An Apple employee who was fired last month after raising concerns about the company’s treatment of its workers submitted allegations to the National Labor Relations Board on Tuesday.

Janneke Parrish, who was a product manager on Apple Maps in Austin, Texas, helped launch #AppleToo, a movement aimed at improving working conditions at the company. While the company told her she was fired for deleting apps and files from a company phone during a company investigation, she thinks it’s because of her activism.

Parrish is at least the third corporate Apple employee to file an NLRB “charge,” or an allegation of a violation of the National Labor Relations Act, against the company in recent months, a sign that the iPhone maker is facing increasing scrutiny over its labor practices. If the NLRB finds merit in Parrish’s charge, the agency can file a complaint and seek remedies.

“Apple Inc. terminated Parrish’s employment … in attempt to nip-in-the-bud the successful organizing campaign that Parrish and her coworkers established to address and redress employees’ workplace concerns,” Parrish wrote in the charge, which was reviewed by The Washington Post.

Apple spokesman Josh Rosenstock has previously said the company has “always been deeply committed to creating and maintaining a positive and inclusive workplace.” He said the company doesn’t discuss specific employee matters out of respect for privacy. Apple did not immediately respond to a request for comment.

Big technology companies are facing a wave of employee activism that aims to improve diversity and reduce discrimination inside the ever-growing and increasingly dominant behemoths. More than 20,000 Google employees staged a walkout to protest sexual misconduct and inequality in 2018, and last year Black women at Pinterest accused the company of discrimination and retaliation. Amazon settled a wrongful termination suit in September against two women it fired after they publicly criticized the company’s climate policies. Apple, known for its secretive nature and highly polished public image, is unaccustomed to organized efforts to shine a light on its management practices.


Over the summer, more than 500 employees – many working at Apple’s more than 500 global retail stores – have submitted stories via #AppleToo that allege the company has not done enough to stop “racism, sexism, discrimination, retaliation, bullying, sexual and other forms of harassment” inside its walls.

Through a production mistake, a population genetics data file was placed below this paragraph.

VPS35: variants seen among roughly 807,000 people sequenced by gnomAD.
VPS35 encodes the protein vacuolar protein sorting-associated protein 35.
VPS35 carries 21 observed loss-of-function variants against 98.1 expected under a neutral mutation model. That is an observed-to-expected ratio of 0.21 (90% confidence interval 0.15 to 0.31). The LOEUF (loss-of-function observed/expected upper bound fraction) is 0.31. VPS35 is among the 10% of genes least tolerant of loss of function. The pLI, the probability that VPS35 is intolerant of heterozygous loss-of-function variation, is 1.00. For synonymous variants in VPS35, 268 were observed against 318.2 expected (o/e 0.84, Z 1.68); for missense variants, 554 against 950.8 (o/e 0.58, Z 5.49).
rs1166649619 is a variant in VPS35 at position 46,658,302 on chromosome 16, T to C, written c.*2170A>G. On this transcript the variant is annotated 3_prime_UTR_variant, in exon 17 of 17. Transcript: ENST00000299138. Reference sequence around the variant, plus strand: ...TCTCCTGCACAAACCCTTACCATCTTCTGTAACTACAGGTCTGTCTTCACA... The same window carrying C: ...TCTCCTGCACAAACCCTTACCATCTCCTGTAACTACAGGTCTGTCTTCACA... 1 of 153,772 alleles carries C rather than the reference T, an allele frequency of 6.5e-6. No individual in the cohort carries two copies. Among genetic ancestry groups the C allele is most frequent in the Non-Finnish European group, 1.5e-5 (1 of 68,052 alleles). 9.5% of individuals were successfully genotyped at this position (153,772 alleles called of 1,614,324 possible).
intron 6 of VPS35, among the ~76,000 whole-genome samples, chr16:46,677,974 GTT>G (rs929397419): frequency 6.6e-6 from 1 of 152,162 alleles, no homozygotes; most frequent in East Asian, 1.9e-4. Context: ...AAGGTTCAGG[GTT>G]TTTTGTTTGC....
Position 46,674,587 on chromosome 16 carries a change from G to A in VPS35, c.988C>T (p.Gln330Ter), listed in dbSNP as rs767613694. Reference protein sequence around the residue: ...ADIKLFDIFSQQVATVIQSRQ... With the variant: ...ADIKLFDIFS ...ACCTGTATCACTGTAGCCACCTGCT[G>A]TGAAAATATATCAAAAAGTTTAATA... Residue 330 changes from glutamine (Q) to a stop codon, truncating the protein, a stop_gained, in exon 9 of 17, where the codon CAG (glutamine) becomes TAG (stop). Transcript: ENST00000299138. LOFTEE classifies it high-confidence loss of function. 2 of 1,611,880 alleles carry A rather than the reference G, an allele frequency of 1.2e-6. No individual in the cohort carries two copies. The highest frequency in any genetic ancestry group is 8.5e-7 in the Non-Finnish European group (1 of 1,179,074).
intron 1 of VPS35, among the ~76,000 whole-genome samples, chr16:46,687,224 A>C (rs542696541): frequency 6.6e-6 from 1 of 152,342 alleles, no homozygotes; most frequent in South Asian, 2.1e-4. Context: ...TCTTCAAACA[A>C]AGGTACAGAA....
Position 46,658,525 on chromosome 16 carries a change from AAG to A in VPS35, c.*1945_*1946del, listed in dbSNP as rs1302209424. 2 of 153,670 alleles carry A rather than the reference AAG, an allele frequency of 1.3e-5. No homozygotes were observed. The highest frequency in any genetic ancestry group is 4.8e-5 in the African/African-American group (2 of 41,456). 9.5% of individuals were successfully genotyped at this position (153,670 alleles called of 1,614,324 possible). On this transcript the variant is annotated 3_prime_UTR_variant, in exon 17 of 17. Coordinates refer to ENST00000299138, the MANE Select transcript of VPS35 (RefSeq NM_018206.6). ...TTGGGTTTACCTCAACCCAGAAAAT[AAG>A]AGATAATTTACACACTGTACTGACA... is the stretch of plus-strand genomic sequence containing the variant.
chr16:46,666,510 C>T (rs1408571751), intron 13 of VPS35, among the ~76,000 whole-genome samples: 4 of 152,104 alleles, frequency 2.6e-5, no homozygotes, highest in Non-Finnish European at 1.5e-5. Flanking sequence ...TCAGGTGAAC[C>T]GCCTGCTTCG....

Among the Apple employees raising concerns is Cher Scarlett, who organized an employee wage survey to shine a light on alleged pay discrepancies affecting underrepresented groups. Scarlett, who has also filed an NLRB charge, is currently on leave from the company.

Parrish said in an interview last month with The Washington Post that she was under investigation by Apple’s global security division, which told her she was under investigation for leaking details about Apple chief executive Tim Cook’s Sept. 18 virtual Town Hall meeting, where he addressed allegations of workplace misconduct at the company in front of all employees.

Parrish said she did not leak information about the Town Hall, and said she believes she was targeted because of her involvement with #AppleToo.

Shortly after Parrish was questioned over videoconference, she said a courier showed up to her Austin-area home to collect her company-owned iPhone and laptop. Parrish said she deleted some apps and files before her devices were collected by the courier, including the augmented reality game “Pokémon Go” and Google Drive, because those apps contained personal information. She said Apple fired her for deleting those apps.

Parrish says she also owns a personal smartphone that Apple did not collect as part of its investigation.

Parrish’s NLRB charge will be investigated by one of the agency’s regional offices.

According to the NLRB, there are about 20,000 to 30,000 charges filed each year and most of those cases settle. The NLRB does not penalize companies, but instead imposes “remedies” that include forcing the company to reinstate the employee that filed the charge. The NLRB can also choose to investigate further after a charge is filed and expand the scope of the initial allegations.

According to the NLRB’s website, there have been seven charges filed against the company this year, compared to one each of the previous three years. The details of the complaints have not been made public.

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